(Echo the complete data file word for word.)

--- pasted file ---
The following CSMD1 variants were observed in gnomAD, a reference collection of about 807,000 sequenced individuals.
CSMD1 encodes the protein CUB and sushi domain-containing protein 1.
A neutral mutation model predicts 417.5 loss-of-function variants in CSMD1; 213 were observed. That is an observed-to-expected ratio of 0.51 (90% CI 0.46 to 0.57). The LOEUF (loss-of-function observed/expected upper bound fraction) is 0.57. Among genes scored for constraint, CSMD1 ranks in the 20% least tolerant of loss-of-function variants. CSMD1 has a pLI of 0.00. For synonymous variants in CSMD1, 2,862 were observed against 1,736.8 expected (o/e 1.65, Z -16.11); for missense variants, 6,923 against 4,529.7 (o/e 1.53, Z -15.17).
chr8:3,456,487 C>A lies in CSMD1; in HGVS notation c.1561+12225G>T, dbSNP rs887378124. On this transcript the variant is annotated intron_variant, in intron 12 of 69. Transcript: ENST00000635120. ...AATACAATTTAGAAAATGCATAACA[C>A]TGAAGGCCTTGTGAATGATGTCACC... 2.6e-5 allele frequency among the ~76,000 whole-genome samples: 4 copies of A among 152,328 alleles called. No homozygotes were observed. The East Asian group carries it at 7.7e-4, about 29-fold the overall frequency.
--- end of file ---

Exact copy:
The following CSMD1 variants were observed in gnomAD, a reference collection of about 807,000 sequenced individuals.
CSMD1 encodes the protein CUB and sushi domain-containing protein 1.
A neutral mutation model predicts 417.5 loss-of-function variants in CSMD1; 213 were observed. That is an observed-to-expected ratio of 0.51 (90% CI 0.46 to 0.57). The LOEUF (loss-of-function observed/expected upper bound fraction) is 0.57. Among genes scored for constraint, CSMD1 ranks in the 20% least tolerant of loss-of-function variants. CSMD1 has a pLI of 0.00. For synonymous variants in CSMD1, 2,862 were observed against 1,736.8 expected (o/e 1.65, Z -16.11); for missense variants, 6,923 against 4,529.7 (o/e 1.53, Z -15.17).
chr8:3,456,487 C>A lies in CSMD1; in HGVS notation c.1561+12225G>T, dbSNP rs887378124. On this transcript the variant is annotated intron_variant, in intron 12 of 69. Transcript: ENST00000635120. ...AATACAATTTAGAAAATGCATAACA[C>A]TGAAGGCCTTGTGAATGATGTCACC... 2.6e-5 allele frequency among the ~76,000 whole-genome samples: 4 copies of A among 152,328 alleles called. No homozygotes were observed. The East Asian group carries it at 7.7e-4, about 29-fold the overall frequency.